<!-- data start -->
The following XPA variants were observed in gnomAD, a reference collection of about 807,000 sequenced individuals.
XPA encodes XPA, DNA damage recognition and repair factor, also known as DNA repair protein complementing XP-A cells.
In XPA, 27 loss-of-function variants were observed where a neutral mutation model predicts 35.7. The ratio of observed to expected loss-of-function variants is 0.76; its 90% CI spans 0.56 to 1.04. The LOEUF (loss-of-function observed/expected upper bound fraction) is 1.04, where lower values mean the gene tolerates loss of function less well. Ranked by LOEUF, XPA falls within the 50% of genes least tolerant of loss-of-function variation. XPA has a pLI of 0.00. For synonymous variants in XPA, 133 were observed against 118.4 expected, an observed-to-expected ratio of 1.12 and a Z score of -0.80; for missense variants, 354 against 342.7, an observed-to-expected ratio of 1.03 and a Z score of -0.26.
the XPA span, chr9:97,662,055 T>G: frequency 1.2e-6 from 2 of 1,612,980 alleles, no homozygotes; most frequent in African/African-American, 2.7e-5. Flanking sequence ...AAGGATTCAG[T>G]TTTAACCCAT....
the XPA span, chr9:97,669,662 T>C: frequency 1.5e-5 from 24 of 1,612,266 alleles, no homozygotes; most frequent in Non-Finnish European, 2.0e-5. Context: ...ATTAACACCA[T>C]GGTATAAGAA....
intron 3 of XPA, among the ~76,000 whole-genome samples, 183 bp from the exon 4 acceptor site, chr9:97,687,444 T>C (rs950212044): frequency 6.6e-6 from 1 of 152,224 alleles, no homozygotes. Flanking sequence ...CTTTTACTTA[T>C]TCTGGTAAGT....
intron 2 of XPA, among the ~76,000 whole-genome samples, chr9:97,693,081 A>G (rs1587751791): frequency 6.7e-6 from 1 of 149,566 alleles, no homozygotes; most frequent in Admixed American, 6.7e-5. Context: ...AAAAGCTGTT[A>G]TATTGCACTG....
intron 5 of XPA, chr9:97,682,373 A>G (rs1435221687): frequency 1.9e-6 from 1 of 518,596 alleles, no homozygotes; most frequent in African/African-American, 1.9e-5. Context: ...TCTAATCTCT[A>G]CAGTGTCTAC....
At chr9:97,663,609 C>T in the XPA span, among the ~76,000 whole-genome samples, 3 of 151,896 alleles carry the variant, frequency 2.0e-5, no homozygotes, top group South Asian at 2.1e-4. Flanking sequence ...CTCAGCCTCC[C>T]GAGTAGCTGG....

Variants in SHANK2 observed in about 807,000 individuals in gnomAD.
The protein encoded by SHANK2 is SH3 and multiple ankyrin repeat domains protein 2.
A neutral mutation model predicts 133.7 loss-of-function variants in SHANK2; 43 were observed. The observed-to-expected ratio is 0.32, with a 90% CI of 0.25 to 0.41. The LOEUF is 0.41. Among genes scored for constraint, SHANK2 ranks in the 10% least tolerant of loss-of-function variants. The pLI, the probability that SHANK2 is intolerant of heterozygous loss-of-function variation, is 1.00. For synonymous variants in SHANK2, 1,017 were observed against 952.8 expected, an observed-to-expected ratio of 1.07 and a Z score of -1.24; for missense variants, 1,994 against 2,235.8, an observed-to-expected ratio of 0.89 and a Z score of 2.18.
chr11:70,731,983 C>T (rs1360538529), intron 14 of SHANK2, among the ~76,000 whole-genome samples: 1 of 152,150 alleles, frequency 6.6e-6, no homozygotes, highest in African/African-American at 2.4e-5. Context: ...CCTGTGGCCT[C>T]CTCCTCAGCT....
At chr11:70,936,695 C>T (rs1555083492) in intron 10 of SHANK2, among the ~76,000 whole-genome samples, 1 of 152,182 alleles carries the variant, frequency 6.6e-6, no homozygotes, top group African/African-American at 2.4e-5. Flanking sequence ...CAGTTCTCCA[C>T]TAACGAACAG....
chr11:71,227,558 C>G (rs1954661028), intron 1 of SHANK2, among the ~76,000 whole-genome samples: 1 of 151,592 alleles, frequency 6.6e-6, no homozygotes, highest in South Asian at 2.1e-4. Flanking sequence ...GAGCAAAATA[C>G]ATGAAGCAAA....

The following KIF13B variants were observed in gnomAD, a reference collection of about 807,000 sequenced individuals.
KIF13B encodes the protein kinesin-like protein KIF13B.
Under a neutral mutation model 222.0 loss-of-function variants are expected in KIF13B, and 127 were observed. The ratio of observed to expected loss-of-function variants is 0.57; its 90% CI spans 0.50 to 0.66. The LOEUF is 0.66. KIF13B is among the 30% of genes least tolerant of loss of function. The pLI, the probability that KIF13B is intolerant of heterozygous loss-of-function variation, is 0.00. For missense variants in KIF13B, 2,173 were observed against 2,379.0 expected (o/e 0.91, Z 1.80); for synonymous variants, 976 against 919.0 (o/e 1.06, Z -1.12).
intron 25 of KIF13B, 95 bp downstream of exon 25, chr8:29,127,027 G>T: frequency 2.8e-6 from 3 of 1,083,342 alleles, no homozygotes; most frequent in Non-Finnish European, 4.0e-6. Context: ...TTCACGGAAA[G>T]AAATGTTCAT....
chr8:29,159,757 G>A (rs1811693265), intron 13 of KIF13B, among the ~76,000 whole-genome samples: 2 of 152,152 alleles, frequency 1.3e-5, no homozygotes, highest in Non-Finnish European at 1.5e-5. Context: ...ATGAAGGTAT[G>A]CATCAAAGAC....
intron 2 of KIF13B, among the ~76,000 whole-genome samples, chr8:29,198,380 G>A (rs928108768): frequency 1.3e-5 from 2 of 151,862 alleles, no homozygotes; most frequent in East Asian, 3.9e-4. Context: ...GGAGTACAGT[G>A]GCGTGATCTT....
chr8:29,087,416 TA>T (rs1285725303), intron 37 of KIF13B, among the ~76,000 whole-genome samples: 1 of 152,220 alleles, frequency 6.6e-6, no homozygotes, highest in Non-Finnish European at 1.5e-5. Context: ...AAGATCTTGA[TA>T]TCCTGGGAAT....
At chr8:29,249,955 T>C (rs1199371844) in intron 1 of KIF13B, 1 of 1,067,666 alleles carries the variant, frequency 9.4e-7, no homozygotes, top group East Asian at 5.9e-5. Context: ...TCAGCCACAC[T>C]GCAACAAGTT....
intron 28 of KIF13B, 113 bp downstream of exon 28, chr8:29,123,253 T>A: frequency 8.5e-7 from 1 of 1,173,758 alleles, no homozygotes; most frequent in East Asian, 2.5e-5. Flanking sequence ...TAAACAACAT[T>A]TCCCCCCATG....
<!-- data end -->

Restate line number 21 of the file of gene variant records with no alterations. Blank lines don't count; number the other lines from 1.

intron 2 of KIF13B, among the ~76,000 whole-genome samples, chr8:29,198,380 G>A (rs928108768): frequency 1.3e-5 from 2 of 151,862 alleles, no homozygotes; most frequent in East Asian, 3.9e-4. Context: ...GGAGTACAGT[G>A]GCGTGATCTT....